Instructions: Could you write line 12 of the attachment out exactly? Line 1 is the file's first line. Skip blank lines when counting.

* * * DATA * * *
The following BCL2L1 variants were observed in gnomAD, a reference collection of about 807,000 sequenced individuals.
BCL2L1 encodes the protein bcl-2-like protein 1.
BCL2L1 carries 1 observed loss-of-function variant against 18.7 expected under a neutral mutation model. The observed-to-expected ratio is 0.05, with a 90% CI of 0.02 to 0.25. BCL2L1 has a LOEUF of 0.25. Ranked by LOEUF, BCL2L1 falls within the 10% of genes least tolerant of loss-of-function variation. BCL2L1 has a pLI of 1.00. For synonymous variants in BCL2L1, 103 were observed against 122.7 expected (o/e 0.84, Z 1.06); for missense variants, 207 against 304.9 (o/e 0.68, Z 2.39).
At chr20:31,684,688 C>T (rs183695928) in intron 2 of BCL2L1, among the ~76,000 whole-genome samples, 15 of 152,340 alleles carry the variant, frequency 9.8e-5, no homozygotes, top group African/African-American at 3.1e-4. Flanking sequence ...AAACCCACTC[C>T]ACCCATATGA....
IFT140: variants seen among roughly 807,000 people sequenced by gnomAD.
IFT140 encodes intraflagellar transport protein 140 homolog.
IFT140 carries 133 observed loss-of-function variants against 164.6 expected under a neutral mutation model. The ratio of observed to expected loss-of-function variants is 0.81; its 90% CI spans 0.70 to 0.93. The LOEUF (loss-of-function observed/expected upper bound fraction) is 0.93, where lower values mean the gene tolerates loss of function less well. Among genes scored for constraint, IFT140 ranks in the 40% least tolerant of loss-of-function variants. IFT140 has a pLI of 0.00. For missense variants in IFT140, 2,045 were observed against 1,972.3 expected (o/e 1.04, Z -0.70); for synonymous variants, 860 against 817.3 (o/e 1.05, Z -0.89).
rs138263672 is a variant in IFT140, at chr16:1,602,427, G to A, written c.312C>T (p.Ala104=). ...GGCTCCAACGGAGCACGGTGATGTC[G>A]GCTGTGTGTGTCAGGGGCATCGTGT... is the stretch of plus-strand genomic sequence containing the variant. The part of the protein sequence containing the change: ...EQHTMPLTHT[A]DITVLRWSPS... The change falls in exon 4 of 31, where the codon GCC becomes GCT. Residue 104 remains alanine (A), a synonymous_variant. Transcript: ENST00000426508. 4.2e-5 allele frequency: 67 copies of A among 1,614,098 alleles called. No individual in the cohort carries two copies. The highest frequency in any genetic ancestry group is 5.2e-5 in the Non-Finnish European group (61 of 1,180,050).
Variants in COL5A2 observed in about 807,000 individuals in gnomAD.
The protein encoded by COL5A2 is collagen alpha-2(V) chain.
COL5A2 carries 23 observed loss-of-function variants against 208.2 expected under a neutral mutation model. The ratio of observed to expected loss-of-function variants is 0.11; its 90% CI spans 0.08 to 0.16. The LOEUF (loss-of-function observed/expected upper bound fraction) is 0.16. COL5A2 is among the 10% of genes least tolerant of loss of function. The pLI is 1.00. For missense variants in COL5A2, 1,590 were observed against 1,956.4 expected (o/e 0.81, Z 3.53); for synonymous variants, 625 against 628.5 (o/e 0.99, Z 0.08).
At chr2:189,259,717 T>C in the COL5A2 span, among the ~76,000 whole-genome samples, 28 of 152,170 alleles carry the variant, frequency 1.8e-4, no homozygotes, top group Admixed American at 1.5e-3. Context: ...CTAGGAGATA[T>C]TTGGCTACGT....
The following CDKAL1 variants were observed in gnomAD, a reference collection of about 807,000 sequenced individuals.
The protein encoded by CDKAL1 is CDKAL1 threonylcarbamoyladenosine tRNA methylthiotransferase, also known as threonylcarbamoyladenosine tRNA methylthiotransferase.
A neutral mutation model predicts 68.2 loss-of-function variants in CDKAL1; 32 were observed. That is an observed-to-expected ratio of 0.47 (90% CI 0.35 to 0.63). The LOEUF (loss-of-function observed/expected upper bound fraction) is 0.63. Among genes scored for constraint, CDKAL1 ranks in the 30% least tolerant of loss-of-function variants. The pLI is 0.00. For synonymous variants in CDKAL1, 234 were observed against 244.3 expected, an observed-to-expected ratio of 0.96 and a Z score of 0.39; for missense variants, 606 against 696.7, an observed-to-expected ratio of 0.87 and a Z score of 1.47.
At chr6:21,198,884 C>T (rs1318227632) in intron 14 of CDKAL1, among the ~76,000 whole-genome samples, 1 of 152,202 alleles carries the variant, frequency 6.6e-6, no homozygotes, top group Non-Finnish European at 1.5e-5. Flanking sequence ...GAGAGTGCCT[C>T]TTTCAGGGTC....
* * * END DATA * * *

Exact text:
At chr2:189,259,717 T>C in the COL5A2 span, among the ~76,000 whole-genome samples, 28 of 152,170 alleles carry the variant, frequency 1.8e-4, no homozygotes, top group Admixed American at 1.5e-3. Context: ...CTAGGAGATA[T>C]TTGGCTACGT....